Unity likes to use Attributes. They use them all over the place in the Editor to allow you to statically link together Types: like a Type and a class that renders editor controls for that Type:
public class Vector5Editor : Editor
Unity can now look through the assemblies and pull out all classes with the CustomEditor decorator. Now, everytime Unity needs to render controls for a Vector5, it can use this custom implementation. C# is brilliant, right?
Eh, it’s good, but it’s not great because our custom Editor has to extend a class as well as pin on an Attribute. This is not only unnecessary code, it means that Editor has to pass around an Object, which means when you work with whatever API Editor exposes, you have to work with an Object.
private void OnGUI()
var vector = (Vector5) target;
D’oh. Editor::target is a stupid Object, not a Vector5.
Instead of using this as a model, consider using generics to link your classes together.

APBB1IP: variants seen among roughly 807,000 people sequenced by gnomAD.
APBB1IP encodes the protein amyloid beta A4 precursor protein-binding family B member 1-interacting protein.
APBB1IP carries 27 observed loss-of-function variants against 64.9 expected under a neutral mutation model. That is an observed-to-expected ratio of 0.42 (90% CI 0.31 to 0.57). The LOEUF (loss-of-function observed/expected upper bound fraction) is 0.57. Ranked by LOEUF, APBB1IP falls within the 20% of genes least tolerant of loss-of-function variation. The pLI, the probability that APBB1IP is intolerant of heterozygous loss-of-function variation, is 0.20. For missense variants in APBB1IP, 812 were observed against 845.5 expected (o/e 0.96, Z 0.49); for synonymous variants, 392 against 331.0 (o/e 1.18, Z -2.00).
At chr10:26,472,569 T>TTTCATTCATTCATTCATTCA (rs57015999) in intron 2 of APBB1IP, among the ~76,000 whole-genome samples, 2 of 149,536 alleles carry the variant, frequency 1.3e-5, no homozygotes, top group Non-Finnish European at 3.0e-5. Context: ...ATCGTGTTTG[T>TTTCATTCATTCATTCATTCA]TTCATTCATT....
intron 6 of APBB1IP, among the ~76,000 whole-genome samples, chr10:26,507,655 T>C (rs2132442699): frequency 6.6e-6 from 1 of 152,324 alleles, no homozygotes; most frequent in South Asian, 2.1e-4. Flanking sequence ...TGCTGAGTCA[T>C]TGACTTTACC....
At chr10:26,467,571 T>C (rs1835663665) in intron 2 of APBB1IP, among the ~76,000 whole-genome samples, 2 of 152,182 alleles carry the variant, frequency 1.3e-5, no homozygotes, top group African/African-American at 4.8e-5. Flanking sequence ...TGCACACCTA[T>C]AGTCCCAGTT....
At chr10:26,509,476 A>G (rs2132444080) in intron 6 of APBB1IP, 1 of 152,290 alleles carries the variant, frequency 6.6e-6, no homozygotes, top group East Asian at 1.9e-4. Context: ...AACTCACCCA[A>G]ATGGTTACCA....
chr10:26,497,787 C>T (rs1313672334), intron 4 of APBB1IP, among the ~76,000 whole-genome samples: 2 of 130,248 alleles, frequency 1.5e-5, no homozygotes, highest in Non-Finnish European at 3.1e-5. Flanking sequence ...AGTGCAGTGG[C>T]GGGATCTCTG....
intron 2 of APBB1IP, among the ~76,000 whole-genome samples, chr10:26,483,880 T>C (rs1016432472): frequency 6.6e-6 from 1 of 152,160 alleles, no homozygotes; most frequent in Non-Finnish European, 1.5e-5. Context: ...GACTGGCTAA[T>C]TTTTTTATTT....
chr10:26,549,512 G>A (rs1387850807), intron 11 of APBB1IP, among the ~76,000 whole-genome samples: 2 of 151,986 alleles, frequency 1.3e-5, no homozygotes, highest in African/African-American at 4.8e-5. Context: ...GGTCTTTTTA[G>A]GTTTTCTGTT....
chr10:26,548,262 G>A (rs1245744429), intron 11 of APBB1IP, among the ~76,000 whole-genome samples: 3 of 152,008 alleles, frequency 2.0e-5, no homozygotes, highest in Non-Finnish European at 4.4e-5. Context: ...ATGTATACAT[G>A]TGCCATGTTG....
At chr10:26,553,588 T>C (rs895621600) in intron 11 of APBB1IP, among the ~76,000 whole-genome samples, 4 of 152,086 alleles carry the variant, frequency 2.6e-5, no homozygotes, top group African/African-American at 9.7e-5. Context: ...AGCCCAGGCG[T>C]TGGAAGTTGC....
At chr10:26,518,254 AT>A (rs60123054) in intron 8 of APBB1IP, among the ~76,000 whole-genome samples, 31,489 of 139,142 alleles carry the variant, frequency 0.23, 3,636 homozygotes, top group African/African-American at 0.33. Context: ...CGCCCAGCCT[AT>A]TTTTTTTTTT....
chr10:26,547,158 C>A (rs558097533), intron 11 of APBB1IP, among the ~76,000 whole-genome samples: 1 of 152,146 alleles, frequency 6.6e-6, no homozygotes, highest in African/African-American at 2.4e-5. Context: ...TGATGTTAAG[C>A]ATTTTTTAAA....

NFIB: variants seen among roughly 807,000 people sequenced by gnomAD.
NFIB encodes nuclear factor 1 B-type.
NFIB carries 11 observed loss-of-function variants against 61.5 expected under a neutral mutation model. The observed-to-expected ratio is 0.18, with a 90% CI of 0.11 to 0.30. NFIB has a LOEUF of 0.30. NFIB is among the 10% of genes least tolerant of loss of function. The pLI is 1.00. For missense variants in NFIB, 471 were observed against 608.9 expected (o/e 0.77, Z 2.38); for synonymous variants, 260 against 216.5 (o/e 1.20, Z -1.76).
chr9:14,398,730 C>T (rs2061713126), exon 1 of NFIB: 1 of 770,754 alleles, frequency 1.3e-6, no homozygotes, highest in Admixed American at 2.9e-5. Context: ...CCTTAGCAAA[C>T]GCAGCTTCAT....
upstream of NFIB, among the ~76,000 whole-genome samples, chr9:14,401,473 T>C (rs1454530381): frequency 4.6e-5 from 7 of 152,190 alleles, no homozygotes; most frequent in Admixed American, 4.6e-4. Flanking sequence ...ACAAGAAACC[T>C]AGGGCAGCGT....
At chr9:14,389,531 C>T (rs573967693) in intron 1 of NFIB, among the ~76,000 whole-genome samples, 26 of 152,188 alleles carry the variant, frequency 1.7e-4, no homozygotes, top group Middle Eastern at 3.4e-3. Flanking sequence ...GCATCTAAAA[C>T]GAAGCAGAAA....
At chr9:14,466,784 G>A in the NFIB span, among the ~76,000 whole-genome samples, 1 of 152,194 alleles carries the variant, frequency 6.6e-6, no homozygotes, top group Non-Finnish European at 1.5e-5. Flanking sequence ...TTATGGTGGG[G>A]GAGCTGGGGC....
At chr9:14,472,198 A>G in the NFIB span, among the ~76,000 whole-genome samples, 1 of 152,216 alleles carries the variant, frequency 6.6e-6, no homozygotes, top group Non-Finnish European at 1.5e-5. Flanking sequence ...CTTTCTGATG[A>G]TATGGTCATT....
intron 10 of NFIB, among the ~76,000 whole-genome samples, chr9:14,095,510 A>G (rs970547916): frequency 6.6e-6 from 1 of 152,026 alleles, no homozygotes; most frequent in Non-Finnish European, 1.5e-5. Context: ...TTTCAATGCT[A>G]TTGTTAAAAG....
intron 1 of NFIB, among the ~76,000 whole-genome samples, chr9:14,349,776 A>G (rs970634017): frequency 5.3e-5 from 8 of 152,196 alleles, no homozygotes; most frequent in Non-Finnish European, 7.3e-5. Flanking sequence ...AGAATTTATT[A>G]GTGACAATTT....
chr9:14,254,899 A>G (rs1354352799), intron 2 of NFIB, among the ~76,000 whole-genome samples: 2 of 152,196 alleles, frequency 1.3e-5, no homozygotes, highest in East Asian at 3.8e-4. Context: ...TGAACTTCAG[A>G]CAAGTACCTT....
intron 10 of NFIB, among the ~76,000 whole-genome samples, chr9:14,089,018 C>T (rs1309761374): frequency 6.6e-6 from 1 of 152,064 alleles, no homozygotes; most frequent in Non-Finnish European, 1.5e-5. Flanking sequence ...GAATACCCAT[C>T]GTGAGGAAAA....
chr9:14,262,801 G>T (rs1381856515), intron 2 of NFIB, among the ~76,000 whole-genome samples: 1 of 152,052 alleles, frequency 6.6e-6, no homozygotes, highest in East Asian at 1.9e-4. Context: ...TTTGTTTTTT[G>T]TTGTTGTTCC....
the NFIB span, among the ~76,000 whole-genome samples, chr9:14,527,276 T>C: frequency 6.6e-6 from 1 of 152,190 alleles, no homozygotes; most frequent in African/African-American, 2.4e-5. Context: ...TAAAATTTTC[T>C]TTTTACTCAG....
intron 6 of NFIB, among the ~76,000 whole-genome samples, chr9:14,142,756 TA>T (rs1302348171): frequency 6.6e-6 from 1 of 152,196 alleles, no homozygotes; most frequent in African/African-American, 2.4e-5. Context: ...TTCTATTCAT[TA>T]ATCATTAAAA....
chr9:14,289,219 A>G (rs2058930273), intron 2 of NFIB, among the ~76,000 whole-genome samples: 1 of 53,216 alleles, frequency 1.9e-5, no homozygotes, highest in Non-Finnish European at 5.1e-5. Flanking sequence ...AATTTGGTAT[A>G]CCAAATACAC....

Say you are writing a custom editor to work with in game entities. You call these entities Actors, cause you want to be cool like Unreal. You also want to let anyone create subclasses of Actor so your Actor system can be, you know, useful.
Like the Unity Editor, you want your editor to be easily extendible, so you want to allow people to write custom editors for their Actor subclasses that will be drawn inside of your editor when necessary. One method is to just mimic Unity’s method of attaching attributes. A better method, I would argue, is to use generics to associate the two classes.
public class StaticActorRenderer : ActorRenderer
public void OnGUI()
// ActorRenderer<>:target is already a StaticActor!
Now your Actor editor can simply peruse the assemblies for any class that extends ActorRenderer and look at the generic parameter for the association. The generic parameter is your decorator, so you can ditch the Attribute.
In addition, your ActorRenderer base class can perform useful actions on a typed entity and can expose a typed API.